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Leadership: It can Make or Break Lean Success

Leadership has the ability to either make or break a business. Good leadership practices can send a business into uncharted waters of great success and opportunity, while on the other hand, poor leadership tactics may leave a business floundering in a sea of defeat. In most traditional business hierarchies, leaders are usually the staff members at the upper management level who are responsible for guiding business endeavors and making important decisions. However, when it comes to the practice of lean, it truly is a team effort. All members within an organization from the highest level leaders all the way down to the newly hired entry level employees need to be on board and motivated to participate. When practicing lean, it is important to note that there is also a shift in overall business emphasis. Instead of focusing mainly upon separate assets, utilizing technologies at each level, and positioning employees’ value based upon vertical department importance, lean challenges business organizations to really optimize services and products in a horizontal manner and to place a greater focus upon value streams. The key components of lean really focus upon eliminating waste while maximizing customer value.

Type of Leadership is Important

Being a leader within a lean work environment can be quite different when compared to a traditional work environment. In a lean work environment, there is usually a noticeable paradigm shift. Leaders not only lead, but also inspire others to want to lead as well. One of the true objectives in creating a successful and effective lean work environment is for ALL employees to be involved within lean practices. A leader who just tells employees what to do without actually sitting down and discussing costs and benefits is essentially just tossing seeds into the wind and hoping they will plant in the right location. Conversely, a leader who takes the time to genuinely explain lean tactics, benefits, and discuss possible opportunities to eliminate waste with employees motivates and empowers employees to want to do the same. Lean leadership is a visionary type of leadership because the sky is really the limit and there is always room for improvement, hence the commonly used lean term “continuous improvement.”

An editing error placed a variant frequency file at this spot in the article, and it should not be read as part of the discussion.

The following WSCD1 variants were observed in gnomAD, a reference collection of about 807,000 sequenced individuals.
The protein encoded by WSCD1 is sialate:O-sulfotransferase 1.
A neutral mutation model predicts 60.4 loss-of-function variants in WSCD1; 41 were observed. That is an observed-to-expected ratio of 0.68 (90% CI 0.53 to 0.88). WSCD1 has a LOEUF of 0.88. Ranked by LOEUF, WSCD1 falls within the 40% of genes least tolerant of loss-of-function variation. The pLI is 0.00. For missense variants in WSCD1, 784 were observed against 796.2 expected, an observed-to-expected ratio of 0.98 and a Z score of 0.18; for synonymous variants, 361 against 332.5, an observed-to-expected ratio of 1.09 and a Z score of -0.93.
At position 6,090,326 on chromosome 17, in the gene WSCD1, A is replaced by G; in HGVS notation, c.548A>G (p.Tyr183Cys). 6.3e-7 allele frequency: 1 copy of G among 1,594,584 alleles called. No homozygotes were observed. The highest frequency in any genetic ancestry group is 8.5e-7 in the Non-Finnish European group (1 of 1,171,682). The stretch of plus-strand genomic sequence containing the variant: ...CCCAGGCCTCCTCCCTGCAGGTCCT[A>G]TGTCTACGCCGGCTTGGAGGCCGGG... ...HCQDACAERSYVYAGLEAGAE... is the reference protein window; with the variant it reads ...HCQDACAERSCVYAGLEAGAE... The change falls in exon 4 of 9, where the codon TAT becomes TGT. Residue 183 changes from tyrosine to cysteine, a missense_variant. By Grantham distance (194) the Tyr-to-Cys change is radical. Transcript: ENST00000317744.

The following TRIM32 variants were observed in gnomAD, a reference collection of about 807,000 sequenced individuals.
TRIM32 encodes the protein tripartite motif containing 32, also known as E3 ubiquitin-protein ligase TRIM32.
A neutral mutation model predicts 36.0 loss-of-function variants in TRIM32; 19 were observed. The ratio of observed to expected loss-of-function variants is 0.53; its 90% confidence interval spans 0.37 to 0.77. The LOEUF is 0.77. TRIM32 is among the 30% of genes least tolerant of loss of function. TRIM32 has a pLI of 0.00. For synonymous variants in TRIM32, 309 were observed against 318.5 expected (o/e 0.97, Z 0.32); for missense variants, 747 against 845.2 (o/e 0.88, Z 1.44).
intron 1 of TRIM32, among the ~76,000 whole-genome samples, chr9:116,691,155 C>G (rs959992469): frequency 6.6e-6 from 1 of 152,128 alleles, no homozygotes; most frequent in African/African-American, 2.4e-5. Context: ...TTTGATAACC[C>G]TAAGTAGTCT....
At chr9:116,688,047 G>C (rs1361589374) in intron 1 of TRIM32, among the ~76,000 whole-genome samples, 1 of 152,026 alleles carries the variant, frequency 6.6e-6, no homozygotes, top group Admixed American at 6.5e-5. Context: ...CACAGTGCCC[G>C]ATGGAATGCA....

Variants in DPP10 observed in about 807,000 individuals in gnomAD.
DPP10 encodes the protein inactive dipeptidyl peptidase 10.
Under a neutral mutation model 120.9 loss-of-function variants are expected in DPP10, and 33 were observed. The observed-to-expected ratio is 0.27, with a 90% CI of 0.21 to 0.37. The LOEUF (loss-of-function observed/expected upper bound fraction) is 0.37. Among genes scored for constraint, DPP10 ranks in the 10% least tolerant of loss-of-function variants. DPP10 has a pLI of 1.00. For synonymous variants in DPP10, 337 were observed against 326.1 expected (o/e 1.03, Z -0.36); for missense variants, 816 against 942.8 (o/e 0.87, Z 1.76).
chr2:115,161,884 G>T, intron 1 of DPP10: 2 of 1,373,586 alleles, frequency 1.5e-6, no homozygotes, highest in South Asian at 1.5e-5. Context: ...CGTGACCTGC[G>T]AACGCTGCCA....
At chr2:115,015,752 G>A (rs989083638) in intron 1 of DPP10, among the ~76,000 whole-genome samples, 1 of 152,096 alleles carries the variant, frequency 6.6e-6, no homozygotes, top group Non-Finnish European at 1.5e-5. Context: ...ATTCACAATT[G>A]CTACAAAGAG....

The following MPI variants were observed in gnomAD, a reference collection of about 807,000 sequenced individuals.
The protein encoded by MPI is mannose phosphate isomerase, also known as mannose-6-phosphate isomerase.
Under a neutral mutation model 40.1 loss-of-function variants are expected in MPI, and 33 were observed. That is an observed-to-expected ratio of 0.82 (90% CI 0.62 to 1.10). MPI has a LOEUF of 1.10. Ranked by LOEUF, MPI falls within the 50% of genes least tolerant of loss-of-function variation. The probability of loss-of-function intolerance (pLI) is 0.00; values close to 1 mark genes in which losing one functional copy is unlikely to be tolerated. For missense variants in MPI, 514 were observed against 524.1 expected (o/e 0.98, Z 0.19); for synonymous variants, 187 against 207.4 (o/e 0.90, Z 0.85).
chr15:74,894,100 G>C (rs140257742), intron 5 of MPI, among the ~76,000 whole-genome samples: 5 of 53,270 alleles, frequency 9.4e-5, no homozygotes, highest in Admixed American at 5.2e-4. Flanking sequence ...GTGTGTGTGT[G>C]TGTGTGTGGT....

Tips for Lean Leadership Success

One of the most beneficial tips in creating a successful lean leadership style is communication. Communication is truly a two-way system and should never be one-sided when it comes to lean. Leaders can talk but also need to listen as well, and employees need to feel valued and heard. In fact, it is often the employees who come up with some of the best lean ideas to reduce waste since they are the people who are out working in the industrial work setting each day. Furthermore, passion is also an important component of any lean management strategy. Leaders who are passionate about lean inspire others to become passionate about lean as well. Lastly, leaders should make a commitment to embrace humility and to never stop learning. Many leaders tend to view themselves as more experienced or more qualified than others due to their business title; however, in order to fully embrace changes in lean leadership, one must be willing to set aside his or her business title and pay scale for genuine transparency. It is when leaders are able to set aside titles and logistics for continuous learning, experimentation, and willingness to take on challenges that lean truly becomes a success.

The value of implementing lean practices should not be underestimated. The lean movement towards improving customer satisfaction, while eliminating waste is gaining momentum and is quickly becoming a staple practice within many industrial environments. If you are a leader working in a lean work environment, take some time to evaluate your own leadership style and challenge yourself to fully embrace the practice of great lean leadership.

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